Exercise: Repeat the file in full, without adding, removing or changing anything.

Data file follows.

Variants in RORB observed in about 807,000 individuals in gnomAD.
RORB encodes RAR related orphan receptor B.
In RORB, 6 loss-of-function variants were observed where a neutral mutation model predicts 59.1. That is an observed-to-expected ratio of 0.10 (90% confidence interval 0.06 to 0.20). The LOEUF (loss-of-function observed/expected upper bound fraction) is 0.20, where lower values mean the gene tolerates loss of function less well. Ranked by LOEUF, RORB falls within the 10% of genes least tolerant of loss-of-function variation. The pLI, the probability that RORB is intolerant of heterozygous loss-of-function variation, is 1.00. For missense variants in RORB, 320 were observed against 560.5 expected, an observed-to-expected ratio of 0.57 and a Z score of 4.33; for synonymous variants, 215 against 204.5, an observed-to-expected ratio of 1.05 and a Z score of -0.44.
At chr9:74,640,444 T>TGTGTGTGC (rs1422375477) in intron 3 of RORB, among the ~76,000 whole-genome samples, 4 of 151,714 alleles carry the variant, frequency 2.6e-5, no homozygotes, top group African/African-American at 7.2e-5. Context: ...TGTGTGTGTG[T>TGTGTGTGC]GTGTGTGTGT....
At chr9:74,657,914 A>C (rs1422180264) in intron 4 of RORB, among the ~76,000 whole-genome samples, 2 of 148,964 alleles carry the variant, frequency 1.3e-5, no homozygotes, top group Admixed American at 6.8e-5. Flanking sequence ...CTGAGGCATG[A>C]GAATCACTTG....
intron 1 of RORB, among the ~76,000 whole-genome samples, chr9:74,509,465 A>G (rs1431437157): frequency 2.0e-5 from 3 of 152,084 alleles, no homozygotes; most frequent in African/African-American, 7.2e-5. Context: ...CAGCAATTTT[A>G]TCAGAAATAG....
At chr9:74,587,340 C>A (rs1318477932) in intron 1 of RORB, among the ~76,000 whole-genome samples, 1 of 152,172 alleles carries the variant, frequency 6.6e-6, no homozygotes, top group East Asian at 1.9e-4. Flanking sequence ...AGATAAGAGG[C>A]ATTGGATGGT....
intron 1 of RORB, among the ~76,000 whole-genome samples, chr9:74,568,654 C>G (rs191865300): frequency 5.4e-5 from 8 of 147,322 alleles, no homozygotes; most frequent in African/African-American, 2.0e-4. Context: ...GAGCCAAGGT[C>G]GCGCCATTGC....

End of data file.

Variants in RORB observed in about 807,000 individuals in gnomAD.
RORB encodes RAR related orphan receptor B.
In RORB, 6 loss-of-function variants were observed where a neutral mutation model predicts 59.1. That is an observed-to-expected ratio of 0.10 (90% confidence interval 0.06 to 0.20). The LOEUF (loss-of-function observed/expected upper bound fraction) is 0.20, where lower values mean the gene tolerates loss of function less well. Ranked by LOEUF, RORB falls within the 10% of genes least tolerant of loss-of-function variation. The pLI, the probability that RORB is intolerant of heterozygous loss-of-function variation, is 1.00. For missense variants in RORB, 320 were observed against 560.5 expected, an observed-to-expected ratio of 0.57 and a Z score of 4.33; for synonymous variants, 215 against 204.5, an observed-to-expected ratio of 1.05 and a Z score of -0.44.
At chr9:74,640,444 T>TGTGTGTGC (rs1422375477) in intron 3 of RORB, among the ~76,000 whole-genome samples, 4 of 151,714 alleles carry the variant, frequency 2.6e-5, no homozygotes, top group African/African-American at 7.2e-5. Context: ...TGTGTGTGTG[T>TGTGTGTGC]GTGTGTGTGT....
At chr9:74,657,914 A>C (rs1422180264) in intron 4 of RORB, among the ~76,000 whole-genome samples, 2 of 148,964 alleles carry the variant, frequency 1.3e-5, no homozygotes, top group Admixed American at 6.8e-5. Flanking sequence ...CTGAGGCATG[A>C]GAATCACTTG....
intron 1 of RORB, among the ~76,000 whole-genome samples, chr9:74,509,465 A>G (rs1431437157): frequency 2.0e-5 from 3 of 152,084 alleles, no homozygotes; most frequent in African/African-American, 7.2e-5. Context: ...CAGCAATTTT[A>G]TCAGAAATAG....
At chr9:74,587,340 C>A (rs1318477932) in intron 1 of RORB, among the ~76,000 whole-genome samples, 1 of 152,172 alleles carries the variant, frequency 6.6e-6, no homozygotes, top group East Asian at 1.9e-4. Flanking sequence ...AGATAAGAGG[C>A]ATTGGATGGT....
intron 1 of RORB, among the ~76,000 whole-genome samples, chr9:74,568,654 C>G (rs191865300): frequency 5.4e-5 from 8 of 147,322 alleles, no homozygotes; most frequent in African/African-American, 2.0e-4. Context: ...GAGCCAAGGT[C>G]GCGCCATTGC....